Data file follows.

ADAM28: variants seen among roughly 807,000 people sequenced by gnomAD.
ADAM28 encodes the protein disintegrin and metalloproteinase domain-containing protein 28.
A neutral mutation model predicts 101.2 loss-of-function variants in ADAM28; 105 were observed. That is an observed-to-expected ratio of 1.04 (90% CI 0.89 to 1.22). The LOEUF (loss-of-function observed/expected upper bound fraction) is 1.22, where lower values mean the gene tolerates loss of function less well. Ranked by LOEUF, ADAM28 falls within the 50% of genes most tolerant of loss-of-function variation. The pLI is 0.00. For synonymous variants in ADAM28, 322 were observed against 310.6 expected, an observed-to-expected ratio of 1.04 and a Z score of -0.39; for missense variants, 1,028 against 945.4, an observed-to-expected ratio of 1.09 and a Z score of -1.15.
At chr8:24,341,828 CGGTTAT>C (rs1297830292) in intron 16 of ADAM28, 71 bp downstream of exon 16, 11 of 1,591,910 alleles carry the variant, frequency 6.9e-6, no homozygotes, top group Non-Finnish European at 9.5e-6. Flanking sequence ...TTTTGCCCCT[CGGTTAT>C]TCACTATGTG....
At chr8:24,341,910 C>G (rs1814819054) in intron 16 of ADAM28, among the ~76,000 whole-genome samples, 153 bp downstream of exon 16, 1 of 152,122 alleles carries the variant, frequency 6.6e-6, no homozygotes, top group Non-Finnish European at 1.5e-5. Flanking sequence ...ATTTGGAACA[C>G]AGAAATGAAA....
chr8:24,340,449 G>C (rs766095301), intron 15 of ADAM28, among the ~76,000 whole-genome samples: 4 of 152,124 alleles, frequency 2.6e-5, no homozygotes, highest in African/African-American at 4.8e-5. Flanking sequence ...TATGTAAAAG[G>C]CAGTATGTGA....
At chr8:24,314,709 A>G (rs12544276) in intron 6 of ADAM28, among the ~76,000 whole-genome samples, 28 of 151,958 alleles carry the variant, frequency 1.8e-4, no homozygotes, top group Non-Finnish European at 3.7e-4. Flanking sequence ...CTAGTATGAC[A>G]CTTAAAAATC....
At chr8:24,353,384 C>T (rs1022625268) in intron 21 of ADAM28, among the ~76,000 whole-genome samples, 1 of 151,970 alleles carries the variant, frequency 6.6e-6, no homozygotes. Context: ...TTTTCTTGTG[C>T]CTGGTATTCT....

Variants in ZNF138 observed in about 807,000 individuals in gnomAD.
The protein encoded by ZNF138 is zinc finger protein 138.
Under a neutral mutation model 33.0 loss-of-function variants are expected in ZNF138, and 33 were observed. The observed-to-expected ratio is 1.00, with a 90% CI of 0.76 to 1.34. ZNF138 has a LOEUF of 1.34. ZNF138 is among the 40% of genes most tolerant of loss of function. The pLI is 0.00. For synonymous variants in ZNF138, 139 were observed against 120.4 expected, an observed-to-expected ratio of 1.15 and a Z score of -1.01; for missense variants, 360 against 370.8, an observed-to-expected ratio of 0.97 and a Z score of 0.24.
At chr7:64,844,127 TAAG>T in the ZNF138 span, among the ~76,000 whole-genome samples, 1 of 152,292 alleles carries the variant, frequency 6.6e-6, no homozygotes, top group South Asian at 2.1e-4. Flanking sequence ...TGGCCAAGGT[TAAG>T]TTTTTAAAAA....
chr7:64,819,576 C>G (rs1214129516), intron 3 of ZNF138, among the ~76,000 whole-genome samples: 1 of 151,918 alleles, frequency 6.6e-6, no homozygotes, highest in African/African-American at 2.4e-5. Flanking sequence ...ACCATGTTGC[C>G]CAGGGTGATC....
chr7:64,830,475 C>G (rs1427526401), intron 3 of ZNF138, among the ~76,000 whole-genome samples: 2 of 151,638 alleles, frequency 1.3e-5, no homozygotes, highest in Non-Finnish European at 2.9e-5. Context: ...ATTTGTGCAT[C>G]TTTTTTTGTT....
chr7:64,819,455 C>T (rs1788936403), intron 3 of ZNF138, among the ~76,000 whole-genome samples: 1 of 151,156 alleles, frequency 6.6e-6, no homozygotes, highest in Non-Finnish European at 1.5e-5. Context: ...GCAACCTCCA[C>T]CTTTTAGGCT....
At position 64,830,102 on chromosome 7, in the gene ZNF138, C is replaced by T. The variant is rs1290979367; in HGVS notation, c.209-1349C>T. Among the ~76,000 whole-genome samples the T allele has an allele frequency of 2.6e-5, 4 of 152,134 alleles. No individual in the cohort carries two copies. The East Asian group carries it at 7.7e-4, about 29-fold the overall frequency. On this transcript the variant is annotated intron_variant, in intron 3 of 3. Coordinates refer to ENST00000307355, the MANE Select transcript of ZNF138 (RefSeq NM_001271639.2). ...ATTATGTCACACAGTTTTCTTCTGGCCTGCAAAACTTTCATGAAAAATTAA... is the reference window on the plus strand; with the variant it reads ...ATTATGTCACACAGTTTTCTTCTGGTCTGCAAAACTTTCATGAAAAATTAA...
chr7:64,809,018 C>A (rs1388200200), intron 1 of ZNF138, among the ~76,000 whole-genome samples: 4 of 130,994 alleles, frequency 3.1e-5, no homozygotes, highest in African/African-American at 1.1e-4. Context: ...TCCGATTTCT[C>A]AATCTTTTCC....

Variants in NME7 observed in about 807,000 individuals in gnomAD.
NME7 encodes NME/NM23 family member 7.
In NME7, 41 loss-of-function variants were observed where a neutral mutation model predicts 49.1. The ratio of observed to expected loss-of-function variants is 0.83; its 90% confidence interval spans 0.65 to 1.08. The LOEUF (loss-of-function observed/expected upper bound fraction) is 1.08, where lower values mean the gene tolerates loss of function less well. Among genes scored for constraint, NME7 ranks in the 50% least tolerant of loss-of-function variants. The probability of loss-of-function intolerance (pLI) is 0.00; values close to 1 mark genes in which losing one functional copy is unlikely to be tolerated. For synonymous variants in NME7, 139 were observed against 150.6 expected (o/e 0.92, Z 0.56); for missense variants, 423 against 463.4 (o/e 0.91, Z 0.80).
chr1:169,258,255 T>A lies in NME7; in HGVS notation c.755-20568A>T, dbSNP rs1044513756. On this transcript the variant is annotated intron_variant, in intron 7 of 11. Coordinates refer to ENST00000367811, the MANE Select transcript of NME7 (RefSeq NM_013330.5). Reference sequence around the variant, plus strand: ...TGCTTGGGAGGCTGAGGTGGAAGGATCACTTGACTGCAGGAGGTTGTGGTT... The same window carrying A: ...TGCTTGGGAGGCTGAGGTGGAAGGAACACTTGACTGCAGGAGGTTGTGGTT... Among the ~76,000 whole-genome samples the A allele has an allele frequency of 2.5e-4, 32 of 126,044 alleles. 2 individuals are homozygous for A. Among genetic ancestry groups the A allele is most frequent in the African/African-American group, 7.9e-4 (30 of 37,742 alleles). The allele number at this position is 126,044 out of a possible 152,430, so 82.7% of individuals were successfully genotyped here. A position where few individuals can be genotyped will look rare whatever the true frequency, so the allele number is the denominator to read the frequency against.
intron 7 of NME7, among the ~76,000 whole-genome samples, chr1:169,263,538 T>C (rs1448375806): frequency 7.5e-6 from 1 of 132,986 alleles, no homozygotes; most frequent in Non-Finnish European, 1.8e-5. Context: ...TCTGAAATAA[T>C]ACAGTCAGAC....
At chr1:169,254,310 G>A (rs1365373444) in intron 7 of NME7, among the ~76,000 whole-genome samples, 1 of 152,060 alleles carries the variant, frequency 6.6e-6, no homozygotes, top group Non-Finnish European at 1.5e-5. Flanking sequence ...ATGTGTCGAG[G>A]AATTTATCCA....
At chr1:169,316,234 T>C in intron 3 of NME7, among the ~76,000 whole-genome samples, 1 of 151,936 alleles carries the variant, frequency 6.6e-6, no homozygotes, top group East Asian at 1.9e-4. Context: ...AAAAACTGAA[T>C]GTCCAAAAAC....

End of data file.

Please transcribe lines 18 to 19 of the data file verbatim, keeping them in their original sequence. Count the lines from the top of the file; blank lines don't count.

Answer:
Variants in NME7 observed in about 807,000 individuals in gnomAD.
NME7 encodes NME/NM23 family member 7.